Israelis Head to Sites of Oct. 7 Attack to Observe National Day of Mourning

In a sandy clearing near Israel’s border with Gaza, soldiers, civilians and tourists wandered silently through a dense thicket of poles. Affixed to the poles were portraits of the hundreds of people who came there to dance late one night last October and never made it home.

As Israelis observed Memorial Day, the country’s annual commemoration for fallen soldiers and victims of terrorist attacks, many were drawn to the site of the Tribe of Nova music festival, a rave dedicated to peace and love that was interrupted around sunrise on Oct. 7 by a barrage of rockets from Gaza, signaling the start of the Hamas-led cross-border assault.

In the horror that followed, at least 360 festivalgoers were slain — nearly a third of the roughly 1,200 people killed in southern Israel that day, according to the Israeli authorities. Gunmen who surged across the border surrounded the Nova site, ambushed people as they tried to escape in their cars and hunted them down in bomb shelters along the road or as they fled across furrowed fields.

Observing Israel’s first national day of mourning after the deadliest day in the 76-year history of the state, and with the country still at war in Gaza, many people came to the Nova memorial site beginning on Sunday to remember the dead and those festivalgoers who were taken hostage to Gaza and are still being held there.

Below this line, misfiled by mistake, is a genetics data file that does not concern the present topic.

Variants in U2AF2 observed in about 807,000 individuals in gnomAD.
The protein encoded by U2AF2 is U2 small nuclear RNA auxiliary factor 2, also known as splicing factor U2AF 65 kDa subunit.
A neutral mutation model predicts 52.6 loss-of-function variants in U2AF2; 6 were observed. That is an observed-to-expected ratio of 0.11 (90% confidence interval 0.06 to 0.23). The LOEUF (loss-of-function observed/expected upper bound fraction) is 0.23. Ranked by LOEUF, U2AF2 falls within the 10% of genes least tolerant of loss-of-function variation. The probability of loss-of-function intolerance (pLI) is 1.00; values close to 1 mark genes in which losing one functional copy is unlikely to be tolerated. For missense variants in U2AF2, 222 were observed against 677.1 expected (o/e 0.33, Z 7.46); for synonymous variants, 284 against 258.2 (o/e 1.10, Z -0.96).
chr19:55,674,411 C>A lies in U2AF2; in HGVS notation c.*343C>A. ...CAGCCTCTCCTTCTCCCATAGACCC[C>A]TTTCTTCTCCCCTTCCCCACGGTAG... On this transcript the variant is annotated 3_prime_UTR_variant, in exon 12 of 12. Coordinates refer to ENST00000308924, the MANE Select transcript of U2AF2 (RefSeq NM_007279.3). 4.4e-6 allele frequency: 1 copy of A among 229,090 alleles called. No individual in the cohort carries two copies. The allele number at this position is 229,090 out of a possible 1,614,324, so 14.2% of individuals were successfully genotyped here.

On Sunday, a solemn hush was broken at times by Israeli flags snapping in the wind, and by the sharp cracks of artillery fire from Israeli troop positions nearby.

“The earth is crying out,” said Eliran Shuraki, 39, a resident of central Israel who had come to the Nova site for the first time on Sunday with a friend. “Our hearts are broken,” he added.

They had first visited Be’eri, one of the border communities worst affected on Oct. 7, and where one of Mr. Shuraki’s colleagues lost three generations of relatives, he said. Mr. Shuraki’s brother lost a brother-in-law, a police officer, at the Nova festival, he said.

Nicole and Guy Peretz, a couple in their early 30s, had come from Ashkelon up the coast. Both are former police officers, and several of their former colleagues were killed at the site, they said.

“Until you come here yourself and see the incomprehensible number of people with your own eyes, you cannot absorb it,” Ms. Peretz said.

More makeshift memorials dot the roadsides, orchards and meadows for miles around, made up of portraits and piles of stones, handwritten notes and candles, and wreaths that have withered under the beating sun.

In a field nearby, hundreds of incinerated cars gathered from the roadsides after the Oct. 7 attack are piled up in a graveyard of metal.

Even the bomb shelters where so many sought protection that day, only to be killed as they huddled inside, have turned into shrines. Their charred and blood-spattered interiors have been whitewashed. The stench has gone. Their walls are now covered with graffiti: searing messages, photographs and prayers memorializing those who were there but are no longer.

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